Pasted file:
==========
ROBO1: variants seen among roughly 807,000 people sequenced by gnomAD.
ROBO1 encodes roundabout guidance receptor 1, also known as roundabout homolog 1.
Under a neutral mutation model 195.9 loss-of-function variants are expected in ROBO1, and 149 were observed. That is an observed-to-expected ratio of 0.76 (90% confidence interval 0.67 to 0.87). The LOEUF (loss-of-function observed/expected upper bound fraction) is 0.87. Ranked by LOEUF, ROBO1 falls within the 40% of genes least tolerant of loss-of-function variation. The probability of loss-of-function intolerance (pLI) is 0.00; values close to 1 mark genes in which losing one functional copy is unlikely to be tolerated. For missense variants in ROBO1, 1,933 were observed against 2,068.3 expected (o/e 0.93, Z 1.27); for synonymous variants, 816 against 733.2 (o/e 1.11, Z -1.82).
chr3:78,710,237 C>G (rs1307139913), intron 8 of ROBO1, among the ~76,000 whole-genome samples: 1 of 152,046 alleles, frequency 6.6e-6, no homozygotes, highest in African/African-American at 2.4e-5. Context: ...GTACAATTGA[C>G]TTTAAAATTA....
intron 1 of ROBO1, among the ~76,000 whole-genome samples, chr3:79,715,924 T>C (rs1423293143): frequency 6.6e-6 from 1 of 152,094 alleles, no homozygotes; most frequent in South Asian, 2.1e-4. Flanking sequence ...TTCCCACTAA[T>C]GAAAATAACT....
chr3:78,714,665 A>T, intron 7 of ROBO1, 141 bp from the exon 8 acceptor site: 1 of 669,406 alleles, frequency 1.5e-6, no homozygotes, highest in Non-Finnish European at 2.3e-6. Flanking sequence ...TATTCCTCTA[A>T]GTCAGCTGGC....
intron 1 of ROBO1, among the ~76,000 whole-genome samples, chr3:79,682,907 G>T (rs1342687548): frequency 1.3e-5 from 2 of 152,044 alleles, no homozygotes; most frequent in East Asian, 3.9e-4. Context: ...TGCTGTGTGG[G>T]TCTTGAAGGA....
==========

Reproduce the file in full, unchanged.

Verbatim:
ROBO1: variants seen among roughly 807,000 people sequenced by gnomAD.
ROBO1 encodes roundabout guidance receptor 1, also known as roundabout homolog 1.
Under a neutral mutation model 195.9 loss-of-function variants are expected in ROBO1, and 149 were observed. That is an observed-to-expected ratio of 0.76 (90% confidence interval 0.67 to 0.87). The LOEUF (loss-of-function observed/expected upper bound fraction) is 0.87. Ranked by LOEUF, ROBO1 falls within the 40% of genes least tolerant of loss-of-function variation. The probability of loss-of-function intolerance (pLI) is 0.00; values close to 1 mark genes in which losing one functional copy is unlikely to be tolerated. For missense variants in ROBO1, 1,933 were observed against 2,068.3 expected (o/e 0.93, Z 1.27); for synonymous variants, 816 against 733.2 (o/e 1.11, Z -1.82).
chr3:78,710,237 C>G (rs1307139913), intron 8 of ROBO1, among the ~76,000 whole-genome samples: 1 of 152,046 alleles, frequency 6.6e-6, no homozygotes, highest in African/African-American at 2.4e-5. Context: ...GTACAATTGA[C>G]TTTAAAATTA....
intron 1 of ROBO1, among the ~76,000 whole-genome samples, chr3:79,715,924 T>C (rs1423293143): frequency 6.6e-6 from 1 of 152,094 alleles, no homozygotes; most frequent in South Asian, 2.1e-4. Flanking sequence ...TTCCCACTAA[T>C]GAAAATAACT....
chr3:78,714,665 A>T, intron 7 of ROBO1, 141 bp from the exon 8 acceptor site: 1 of 669,406 alleles, frequency 1.5e-6, no homozygotes, highest in Non-Finnish European at 2.3e-6. Flanking sequence ...TATTCCTCTA[A>T]GTCAGCTGGC....
intron 1 of ROBO1, among the ~76,000 whole-genome samples, chr3:79,682,907 G>T (rs1342687548): frequency 1.3e-5 from 2 of 152,044 alleles, no homozygotes; most frequent in East Asian, 3.9e-4. Context: ...TGCTGTGTGG[G>T]TCTTGAAGGA....